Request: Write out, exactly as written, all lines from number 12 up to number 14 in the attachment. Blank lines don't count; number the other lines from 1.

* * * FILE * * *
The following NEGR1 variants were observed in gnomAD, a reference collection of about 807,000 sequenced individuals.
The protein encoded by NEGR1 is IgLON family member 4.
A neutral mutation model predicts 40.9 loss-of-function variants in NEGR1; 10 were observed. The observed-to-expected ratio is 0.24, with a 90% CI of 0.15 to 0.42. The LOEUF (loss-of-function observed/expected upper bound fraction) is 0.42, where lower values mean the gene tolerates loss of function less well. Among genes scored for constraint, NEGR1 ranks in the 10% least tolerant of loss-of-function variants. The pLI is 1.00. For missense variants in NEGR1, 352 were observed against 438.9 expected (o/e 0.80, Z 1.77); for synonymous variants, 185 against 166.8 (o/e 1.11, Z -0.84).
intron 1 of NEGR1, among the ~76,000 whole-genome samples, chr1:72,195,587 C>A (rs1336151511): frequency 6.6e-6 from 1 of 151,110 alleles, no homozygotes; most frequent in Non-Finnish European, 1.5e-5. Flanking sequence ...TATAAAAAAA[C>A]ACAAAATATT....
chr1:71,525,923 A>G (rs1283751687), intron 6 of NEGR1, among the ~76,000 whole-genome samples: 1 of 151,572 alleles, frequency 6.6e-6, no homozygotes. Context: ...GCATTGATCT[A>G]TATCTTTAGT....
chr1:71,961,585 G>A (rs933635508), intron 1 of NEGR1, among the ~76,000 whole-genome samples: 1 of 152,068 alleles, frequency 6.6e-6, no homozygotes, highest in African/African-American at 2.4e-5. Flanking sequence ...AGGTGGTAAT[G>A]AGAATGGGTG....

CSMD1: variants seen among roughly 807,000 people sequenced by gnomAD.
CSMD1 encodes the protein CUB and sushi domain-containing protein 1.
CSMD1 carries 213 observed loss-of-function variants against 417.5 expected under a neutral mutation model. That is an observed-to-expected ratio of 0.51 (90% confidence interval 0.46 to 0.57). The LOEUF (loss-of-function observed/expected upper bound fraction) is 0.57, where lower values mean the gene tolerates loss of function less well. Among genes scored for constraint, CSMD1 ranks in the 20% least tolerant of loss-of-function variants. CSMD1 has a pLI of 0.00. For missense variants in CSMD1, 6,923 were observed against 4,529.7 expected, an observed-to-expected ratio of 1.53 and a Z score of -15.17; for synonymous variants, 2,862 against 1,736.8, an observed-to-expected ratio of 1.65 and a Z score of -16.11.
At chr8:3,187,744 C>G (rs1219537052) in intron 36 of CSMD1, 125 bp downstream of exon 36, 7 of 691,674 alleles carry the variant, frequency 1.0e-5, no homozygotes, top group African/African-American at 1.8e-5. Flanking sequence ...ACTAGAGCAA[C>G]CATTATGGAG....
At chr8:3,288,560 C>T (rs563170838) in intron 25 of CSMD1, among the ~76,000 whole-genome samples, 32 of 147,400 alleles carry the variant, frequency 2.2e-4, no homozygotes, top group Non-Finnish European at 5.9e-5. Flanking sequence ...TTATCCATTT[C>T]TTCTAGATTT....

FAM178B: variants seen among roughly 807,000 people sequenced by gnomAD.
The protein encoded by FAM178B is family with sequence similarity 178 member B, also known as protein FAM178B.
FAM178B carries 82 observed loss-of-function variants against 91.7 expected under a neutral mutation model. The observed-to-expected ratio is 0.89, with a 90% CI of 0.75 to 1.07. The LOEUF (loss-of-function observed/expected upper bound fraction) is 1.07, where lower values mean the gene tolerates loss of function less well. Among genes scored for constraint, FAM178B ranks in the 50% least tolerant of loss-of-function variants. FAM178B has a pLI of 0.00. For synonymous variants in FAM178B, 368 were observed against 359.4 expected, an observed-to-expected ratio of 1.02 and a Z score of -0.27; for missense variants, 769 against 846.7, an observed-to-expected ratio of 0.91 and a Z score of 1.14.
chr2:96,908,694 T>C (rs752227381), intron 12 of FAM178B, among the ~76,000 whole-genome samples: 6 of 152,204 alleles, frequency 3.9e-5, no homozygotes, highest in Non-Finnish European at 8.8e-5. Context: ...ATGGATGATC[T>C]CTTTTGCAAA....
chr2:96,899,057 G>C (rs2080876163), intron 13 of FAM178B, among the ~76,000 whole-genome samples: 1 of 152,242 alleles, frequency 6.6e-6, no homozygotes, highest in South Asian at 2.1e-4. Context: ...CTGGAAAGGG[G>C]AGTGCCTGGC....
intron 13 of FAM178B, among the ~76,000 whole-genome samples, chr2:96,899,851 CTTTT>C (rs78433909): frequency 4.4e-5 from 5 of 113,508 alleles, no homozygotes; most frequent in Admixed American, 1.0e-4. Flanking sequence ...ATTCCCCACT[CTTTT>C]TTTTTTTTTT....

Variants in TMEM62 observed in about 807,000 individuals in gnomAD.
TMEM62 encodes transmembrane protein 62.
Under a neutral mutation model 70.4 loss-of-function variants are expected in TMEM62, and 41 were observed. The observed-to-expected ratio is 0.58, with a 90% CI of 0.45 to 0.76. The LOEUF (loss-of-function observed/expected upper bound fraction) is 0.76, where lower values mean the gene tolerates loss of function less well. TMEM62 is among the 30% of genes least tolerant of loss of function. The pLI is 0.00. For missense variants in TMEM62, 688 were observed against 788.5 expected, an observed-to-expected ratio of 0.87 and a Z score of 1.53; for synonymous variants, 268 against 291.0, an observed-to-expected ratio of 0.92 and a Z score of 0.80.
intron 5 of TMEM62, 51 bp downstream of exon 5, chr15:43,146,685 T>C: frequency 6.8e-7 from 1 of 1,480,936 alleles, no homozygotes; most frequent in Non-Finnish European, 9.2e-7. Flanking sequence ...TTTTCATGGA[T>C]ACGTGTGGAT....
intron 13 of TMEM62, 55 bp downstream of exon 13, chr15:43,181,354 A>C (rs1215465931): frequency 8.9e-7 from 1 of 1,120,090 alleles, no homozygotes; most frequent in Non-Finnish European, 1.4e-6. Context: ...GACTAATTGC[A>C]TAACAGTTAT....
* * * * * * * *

FAM178B: variants seen among roughly 807,000 people sequenced by gnomAD.
The protein encoded by FAM178B is family with sequence similarity 178 member B, also known as protein FAM178B.
FAM178B carries 82 observed loss-of-function variants against 91.7 expected under a neutral mutation model. The observed-to-expected ratio is 0.89, with a 90% CI of 0.75 to 1.07. The LOEUF (loss-of-function observed/expected upper bound fraction) is 1.07, where lower values mean the gene tolerates loss of function less well. Among genes scored for constraint, FAM178B ranks in the 50% least tolerant of loss-of-function variants. FAM178B has a pLI of 0.00. For synonymous variants in FAM178B, 368 were observed against 359.4 expected, an observed-to-expected ratio of 1.02 and a Z score of -0.27; for missense variants, 769 against 846.7, an observed-to-expected ratio of 0.91 and a Z score of 1.14.